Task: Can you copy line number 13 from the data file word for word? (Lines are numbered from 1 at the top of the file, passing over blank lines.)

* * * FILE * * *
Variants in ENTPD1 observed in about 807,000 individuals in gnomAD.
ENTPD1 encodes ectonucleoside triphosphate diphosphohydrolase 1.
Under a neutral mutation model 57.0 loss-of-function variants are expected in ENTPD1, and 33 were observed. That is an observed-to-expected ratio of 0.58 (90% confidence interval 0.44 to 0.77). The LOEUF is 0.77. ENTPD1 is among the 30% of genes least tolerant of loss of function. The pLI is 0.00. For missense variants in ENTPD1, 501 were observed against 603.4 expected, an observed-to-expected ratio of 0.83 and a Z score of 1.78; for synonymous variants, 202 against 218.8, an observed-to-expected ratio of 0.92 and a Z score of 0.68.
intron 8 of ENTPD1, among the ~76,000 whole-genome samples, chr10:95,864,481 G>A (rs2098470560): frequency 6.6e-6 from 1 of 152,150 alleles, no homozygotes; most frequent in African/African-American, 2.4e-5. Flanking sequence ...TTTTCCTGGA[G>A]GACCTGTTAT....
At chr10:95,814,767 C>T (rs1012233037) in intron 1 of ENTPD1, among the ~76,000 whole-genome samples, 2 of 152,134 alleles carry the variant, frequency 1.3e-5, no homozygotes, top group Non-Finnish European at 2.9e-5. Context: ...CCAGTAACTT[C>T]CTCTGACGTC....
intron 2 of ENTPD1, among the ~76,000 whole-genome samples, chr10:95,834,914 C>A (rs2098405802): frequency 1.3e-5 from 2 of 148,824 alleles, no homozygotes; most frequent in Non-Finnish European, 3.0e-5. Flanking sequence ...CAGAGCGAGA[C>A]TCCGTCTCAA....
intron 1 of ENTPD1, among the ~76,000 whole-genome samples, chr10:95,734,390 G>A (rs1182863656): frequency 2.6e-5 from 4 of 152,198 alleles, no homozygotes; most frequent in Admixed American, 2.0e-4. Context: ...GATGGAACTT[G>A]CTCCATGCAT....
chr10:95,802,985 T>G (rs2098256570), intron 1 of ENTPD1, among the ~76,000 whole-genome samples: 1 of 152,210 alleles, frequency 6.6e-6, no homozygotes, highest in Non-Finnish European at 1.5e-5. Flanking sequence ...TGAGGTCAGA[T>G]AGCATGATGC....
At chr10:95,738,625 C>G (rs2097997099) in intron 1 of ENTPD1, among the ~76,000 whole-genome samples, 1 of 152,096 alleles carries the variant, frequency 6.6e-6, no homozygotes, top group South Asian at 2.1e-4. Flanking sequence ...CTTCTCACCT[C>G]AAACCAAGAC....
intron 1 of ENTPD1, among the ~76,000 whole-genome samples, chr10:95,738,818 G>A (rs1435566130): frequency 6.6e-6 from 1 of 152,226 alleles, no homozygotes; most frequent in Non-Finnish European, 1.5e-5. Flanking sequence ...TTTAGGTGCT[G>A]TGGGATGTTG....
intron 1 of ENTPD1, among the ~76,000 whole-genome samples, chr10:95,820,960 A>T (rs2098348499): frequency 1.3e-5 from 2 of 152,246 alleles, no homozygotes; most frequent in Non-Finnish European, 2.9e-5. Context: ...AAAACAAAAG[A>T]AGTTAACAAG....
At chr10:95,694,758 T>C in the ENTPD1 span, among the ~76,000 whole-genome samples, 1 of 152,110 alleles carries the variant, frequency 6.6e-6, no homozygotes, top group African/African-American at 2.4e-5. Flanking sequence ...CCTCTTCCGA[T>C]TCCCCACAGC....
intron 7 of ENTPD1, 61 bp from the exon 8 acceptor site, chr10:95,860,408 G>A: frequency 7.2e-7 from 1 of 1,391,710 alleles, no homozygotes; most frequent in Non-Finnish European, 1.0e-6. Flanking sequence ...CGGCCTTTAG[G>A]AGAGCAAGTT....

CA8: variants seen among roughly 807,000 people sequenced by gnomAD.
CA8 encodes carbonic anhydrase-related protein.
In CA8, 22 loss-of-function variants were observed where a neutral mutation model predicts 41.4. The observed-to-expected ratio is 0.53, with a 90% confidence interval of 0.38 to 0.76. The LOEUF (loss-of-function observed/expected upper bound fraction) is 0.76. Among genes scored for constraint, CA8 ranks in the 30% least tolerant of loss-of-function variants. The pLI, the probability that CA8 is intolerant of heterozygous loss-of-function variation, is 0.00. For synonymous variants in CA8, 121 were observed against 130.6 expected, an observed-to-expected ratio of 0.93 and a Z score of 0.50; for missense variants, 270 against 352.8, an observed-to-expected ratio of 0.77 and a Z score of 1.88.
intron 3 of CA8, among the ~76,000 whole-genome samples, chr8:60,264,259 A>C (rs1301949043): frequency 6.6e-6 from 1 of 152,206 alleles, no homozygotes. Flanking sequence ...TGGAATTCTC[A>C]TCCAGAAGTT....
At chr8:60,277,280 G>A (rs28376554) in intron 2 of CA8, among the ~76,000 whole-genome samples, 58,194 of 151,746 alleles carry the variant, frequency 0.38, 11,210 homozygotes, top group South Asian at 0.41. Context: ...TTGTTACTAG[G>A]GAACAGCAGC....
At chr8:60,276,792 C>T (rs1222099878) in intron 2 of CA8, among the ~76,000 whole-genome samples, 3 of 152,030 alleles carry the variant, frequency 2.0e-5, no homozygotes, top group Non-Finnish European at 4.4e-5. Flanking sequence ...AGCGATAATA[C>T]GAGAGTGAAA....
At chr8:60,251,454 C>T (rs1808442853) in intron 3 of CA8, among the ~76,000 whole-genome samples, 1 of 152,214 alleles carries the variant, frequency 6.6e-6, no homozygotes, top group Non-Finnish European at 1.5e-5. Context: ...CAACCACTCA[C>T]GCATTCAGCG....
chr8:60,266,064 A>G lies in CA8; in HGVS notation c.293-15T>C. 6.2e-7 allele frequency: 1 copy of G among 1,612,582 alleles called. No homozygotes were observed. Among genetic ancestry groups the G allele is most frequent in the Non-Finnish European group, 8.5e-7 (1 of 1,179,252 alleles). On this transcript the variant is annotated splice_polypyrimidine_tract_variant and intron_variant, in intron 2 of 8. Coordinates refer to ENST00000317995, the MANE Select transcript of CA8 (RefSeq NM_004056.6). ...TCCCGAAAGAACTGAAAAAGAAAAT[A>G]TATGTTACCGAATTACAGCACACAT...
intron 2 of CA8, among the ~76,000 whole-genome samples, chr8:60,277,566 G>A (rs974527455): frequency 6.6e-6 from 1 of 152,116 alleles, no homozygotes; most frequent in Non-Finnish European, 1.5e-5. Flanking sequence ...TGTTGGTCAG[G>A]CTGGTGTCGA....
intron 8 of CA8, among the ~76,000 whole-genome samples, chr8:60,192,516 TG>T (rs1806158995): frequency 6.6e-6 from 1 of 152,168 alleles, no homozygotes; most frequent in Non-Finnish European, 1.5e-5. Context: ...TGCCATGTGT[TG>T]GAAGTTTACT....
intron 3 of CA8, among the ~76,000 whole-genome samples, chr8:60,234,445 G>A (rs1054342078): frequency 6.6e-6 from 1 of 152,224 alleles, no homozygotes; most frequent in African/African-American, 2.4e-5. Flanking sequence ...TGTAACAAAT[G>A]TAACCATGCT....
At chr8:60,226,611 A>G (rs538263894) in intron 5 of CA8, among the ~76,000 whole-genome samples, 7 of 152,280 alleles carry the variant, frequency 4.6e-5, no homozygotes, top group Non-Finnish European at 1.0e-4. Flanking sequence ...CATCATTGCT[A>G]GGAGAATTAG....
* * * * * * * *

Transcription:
intron 7 of ENTPD1, 61 bp from the exon 8 acceptor site, chr10:95,860,408 G>A: frequency 7.2e-7 from 1 of 1,391,710 alleles, no homozygotes; most frequent in Non-Finnish European, 1.0e-6. Flanking sequence ...CGGCCTTTAG[G>A]AGAGCAAGTT....